The Effects of Ankylosing Spondylitis on the Body


Arthritis occurs when there is inflammation in the joint leading to pain and discomfort. There are several types of arthritis and in this article, we will be discussing one of them. Ankylosing spondylitis (AS) is a form of arthritis that causes inflammation or irritation in the spine.

Inflammation in the joint and ligament of your spine are major signs of ankylosing spondylitis. In most cases, the bones in the affected area can become calcified.  Ultimately, the condition results in back pain and stiffness.

After a while, some patients may experience a fusion of bones which makes moving or bending difficult. AS can be experienced in other joints; it can also affect the eyes, lungs, or heart. Men used to be more susceptible to ankylosing spondylitis, but in recent times, more cases have been seen in women. The condition is easily diagnosed in teenagers or young adults. Scientists have not fully understood the cause, but they suggest genetics play a big role.

The Pain and stiffness that accompanies ankylosing spondylitis are more severe in the morning or when you sit for a long time. Doctors recommend walking to help reduce the pain. If the condition is left untreated for a long period, it can change the structure of the spine. It can also result in a stooped posture.

You may also experience pain in the upper part of your spine, neck, and in some cases, your chest. Ankylosing spondylitis is the only type of arthritis that doesn’t harm the fingers.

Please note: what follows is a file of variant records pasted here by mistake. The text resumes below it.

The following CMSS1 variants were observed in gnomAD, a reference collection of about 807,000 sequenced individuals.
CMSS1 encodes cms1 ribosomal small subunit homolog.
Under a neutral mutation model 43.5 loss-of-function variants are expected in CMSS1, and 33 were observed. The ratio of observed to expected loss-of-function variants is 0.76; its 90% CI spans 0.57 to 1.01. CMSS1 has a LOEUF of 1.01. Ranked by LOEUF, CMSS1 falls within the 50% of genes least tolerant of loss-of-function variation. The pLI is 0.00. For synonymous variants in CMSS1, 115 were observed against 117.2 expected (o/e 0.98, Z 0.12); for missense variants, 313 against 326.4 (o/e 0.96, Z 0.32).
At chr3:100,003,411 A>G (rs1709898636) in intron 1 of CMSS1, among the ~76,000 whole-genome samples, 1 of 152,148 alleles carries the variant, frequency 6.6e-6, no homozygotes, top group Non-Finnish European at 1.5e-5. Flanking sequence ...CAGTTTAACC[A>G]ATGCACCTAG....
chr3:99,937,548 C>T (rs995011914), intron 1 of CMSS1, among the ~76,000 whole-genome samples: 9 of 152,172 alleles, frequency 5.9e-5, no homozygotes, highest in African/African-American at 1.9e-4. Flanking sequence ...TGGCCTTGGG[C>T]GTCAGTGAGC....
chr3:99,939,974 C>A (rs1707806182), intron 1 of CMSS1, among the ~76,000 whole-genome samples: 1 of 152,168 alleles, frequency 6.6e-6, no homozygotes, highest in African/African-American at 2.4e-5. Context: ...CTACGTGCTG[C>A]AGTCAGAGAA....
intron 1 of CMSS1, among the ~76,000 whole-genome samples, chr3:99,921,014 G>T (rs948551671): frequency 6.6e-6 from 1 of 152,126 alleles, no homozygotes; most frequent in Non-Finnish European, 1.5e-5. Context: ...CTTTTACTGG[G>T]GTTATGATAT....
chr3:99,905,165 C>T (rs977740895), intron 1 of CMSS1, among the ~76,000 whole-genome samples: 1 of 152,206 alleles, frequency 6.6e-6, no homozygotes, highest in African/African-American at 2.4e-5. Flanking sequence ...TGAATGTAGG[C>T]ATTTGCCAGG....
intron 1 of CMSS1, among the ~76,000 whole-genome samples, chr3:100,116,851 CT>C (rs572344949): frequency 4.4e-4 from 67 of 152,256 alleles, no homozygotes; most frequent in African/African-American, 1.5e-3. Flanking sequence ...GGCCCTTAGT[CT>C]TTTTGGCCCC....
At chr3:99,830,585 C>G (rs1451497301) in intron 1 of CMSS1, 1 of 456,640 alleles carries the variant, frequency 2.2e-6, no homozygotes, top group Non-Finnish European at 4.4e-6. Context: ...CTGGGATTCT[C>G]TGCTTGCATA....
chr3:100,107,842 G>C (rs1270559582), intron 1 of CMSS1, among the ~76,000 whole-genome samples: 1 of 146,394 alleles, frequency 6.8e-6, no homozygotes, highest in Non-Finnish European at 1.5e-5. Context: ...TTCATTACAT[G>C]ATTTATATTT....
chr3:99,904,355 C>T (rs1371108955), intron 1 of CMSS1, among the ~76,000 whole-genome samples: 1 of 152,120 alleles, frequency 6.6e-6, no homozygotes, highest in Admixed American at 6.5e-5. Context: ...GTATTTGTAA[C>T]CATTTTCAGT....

Studies done by the Spondylitis Association of America show that over 15 percent of people that have AS experience jaw inflammation. Damage to the temporomandibular joint [1] can affect chewing, which in turn causes inflammation.

In severe cases, you cannot move because your bones are joined together by inflammation. You will experience breathing difficulties if the bones in your thoracic region join, you may also experience inflammation in other joints like your hips, ankles, shoulders, and knees. Inflammation in these joints can cause pain and restrict movement.

Your doctor may use imaging tests, such as MRI scans and X-rays to observe any inflammation. These tests are also used for diagnosis. The primary aim of treatment is to relieve inflammation, reduce pain, and prevent complications.